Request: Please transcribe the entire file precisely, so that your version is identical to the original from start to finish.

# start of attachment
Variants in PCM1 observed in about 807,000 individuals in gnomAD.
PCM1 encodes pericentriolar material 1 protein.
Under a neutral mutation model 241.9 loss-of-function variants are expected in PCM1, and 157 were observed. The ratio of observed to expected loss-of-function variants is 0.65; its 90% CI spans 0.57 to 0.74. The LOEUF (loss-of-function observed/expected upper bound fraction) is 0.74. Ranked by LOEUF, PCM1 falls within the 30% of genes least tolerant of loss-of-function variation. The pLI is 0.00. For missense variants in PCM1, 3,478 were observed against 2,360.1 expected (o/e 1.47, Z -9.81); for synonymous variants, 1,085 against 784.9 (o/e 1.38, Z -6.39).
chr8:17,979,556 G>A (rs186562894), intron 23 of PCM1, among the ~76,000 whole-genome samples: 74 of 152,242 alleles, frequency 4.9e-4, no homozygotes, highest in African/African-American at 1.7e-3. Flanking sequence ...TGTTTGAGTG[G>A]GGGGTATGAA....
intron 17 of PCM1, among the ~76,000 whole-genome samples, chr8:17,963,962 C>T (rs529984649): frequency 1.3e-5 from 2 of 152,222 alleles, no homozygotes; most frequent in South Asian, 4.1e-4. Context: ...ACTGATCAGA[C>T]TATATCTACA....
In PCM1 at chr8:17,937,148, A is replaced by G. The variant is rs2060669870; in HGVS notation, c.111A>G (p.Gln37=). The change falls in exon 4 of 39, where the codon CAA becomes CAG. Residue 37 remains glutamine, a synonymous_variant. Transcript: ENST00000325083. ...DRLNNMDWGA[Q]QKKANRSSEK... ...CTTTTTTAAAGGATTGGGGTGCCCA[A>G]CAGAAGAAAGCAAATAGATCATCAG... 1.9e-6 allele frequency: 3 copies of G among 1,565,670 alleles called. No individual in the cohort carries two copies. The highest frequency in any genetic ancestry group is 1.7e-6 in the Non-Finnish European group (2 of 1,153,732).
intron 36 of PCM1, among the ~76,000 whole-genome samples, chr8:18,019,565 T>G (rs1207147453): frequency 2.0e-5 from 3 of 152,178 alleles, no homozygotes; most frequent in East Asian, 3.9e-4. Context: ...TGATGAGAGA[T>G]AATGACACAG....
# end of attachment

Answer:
Variants in PCM1 observed in about 807,000 individuals in gnomAD.
PCM1 encodes pericentriolar material 1 protein.
Under a neutral mutation model 241.9 loss-of-function variants are expected in PCM1, and 157 were observed. The ratio of observed to expected loss-of-function variants is 0.65; its 90% CI spans 0.57 to 0.74. The LOEUF (loss-of-function observed/expected upper bound fraction) is 0.74. Ranked by LOEUF, PCM1 falls within the 30% of genes least tolerant of loss-of-function variation. The pLI is 0.00. For missense variants in PCM1, 3,478 were observed against 2,360.1 expected (o/e 1.47, Z -9.81); for synonymous variants, 1,085 against 784.9 (o/e 1.38, Z -6.39).
chr8:17,979,556 G>A (rs186562894), intron 23 of PCM1, among the ~76,000 whole-genome samples: 74 of 152,242 alleles, frequency 4.9e-4, no homozygotes, highest in African/African-American at 1.7e-3. Flanking sequence ...TGTTTGAGTG[G>A]GGGGTATGAA....
intron 17 of PCM1, among the ~76,000 whole-genome samples, chr8:17,963,962 C>T (rs529984649): frequency 1.3e-5 from 2 of 152,222 alleles, no homozygotes; most frequent in South Asian, 4.1e-4. Context: ...ACTGATCAGA[C>T]TATATCTACA....
In PCM1 at chr8:17,937,148, A is replaced by G. The variant is rs2060669870; in HGVS notation, c.111A>G (p.Gln37=). The change falls in exon 4 of 39, where the codon CAA becomes CAG. Residue 37 remains glutamine, a synonymous_variant. Transcript: ENST00000325083. ...DRLNNMDWGA[Q]QKKANRSSEK... ...CTTTTTTAAAGGATTGGGGTGCCCA[A>G]CAGAAGAAAGCAAATAGATCATCAG... 1.9e-6 allele frequency: 3 copies of G among 1,565,670 alleles called. No individual in the cohort carries two copies. The highest frequency in any genetic ancestry group is 1.7e-6 in the Non-Finnish European group (2 of 1,153,732).
intron 36 of PCM1, among the ~76,000 whole-genome samples, chr8:18,019,565 T>G (rs1207147453): frequency 2.0e-5 from 3 of 152,178 alleles, no homozygotes; most frequent in East Asian, 3.9e-4. Context: ...TGATGAGAGA[T>G]AATGACACAG....